African students in search of good education in Estonia

The application procedure to the University of Tartu is convenient and logical, say students from Nigeria and Congo.

Rasheed Ade from Nigeria, a master’s student in chemistry at the University of Tartu, first heard about Estonia in the spring of 2016. He was looking for online courses to study analytical chemistry, and happened to find the one taught at the University of Tartu. He liked the course, which also introduced the new master’s programme.

Ade is interested in working in the area of quality control in the future, and for that it is important to have in-depth knowledge of analytical chemistry. “In my home country, I would not have been able to study this subject in such depth,” he says. “If you have a goal and it is not taught in your home country, you need to move abroad.”

Ade’s father studied in the United Kingdom in his time. One of his brothers is currently a visiting professor at Missouri university and another is a PhD student in Malaysia.

Ade had already started applying to a university in Canada but he was upset by the confusing and constantly changing conditions there. That is why he decided to check out the University of Tartu. “I looked into the history of the university, the quality of education, and then applied,” he said. In less than three months, he received the positive answer.

“The University of Tartu gave me all the support I needed – visa and travel information, background information to help me, they even arranged the accommodation,” Ade praises the university. “They replied very quickly and were always ready to help; differently from the university in Canada.”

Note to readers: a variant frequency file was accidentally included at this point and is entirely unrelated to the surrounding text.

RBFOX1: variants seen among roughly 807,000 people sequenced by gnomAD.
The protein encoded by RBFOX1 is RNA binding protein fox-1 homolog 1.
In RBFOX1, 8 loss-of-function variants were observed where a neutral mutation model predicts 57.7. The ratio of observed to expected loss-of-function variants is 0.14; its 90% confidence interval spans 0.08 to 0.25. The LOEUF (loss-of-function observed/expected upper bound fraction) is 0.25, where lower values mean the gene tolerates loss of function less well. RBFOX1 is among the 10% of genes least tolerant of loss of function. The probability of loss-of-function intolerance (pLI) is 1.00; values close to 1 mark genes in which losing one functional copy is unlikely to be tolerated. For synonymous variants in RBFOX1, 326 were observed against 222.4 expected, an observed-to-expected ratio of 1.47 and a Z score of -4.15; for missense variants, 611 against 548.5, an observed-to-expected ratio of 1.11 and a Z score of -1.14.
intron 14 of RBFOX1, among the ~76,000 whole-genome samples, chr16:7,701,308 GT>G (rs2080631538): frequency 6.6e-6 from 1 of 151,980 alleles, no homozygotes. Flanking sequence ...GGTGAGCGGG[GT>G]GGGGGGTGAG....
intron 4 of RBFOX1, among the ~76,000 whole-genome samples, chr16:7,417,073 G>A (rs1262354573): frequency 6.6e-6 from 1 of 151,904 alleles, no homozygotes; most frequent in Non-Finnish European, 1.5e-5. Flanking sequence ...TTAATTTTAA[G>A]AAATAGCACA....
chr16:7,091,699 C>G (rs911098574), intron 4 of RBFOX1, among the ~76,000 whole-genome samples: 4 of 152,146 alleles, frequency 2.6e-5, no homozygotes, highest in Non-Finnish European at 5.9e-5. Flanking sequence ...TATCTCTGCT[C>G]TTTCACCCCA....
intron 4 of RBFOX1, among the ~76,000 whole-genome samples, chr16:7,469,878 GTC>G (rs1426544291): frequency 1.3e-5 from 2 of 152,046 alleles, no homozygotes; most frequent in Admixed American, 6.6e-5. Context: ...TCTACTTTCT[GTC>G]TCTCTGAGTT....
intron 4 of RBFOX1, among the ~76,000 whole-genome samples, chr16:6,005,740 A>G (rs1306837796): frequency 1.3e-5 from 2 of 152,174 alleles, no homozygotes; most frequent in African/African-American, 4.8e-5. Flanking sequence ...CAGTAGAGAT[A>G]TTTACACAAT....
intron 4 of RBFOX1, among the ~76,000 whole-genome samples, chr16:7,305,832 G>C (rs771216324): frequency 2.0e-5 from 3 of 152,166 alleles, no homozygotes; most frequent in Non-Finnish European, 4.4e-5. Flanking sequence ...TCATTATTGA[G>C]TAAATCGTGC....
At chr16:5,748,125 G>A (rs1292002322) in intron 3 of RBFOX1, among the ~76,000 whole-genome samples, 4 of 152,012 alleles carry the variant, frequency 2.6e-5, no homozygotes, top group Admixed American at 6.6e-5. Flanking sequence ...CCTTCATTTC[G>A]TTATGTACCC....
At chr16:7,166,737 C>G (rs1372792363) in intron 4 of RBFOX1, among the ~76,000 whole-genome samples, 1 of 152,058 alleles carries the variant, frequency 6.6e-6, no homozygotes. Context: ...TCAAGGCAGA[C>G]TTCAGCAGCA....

Finally, also the Canadian university admitted Ade. Their confirmation, however, came three weeks after the Nigerian had already come to Estonia.

Percé Ngoy of the Democratic Republic of the Congo first heard about Estonia in India. He had gone there after having almost reached the diploma in medicine in Congo but then deciding he would be more interested in becoming an engineer. Therefore, he went to New Delhi, to the local branch of a prestigious US university.

“When I arrived in India, I discovered that the education did not meet the level I expected. I studied there for two years and then decided it was not what I wanted,” Ngoy says.

When a classmate told Ngoy about Estonia where his sister was studying, the Congolese was sceptical at first. Nevertheless, he looked into the background of the University of Tartu and decided to apply. Similarly to Ade, he liked the straightforward and fast procedure of online application to Estonian universities.

Ngoy simultaneously also sent applications to other institutions and was also admitted to universities in Canada, Germany and Netherlands. The reason for choosing Estonia was prosaic: here the living costs were the lowest of the four.

Now it seems that Ngoy, 28, does not have to keep looking for an ideal university forever. He is currently in his third year of the robotics bachelor’s programme in Tartu, planning to graduate in spring and then also complete the master’s programme here. “This is the quality I had been looking for. Tartu offers challenges to me, it is one of the best universities in the world. I can get high-quality knowledge. I am proud that I made a good choice.”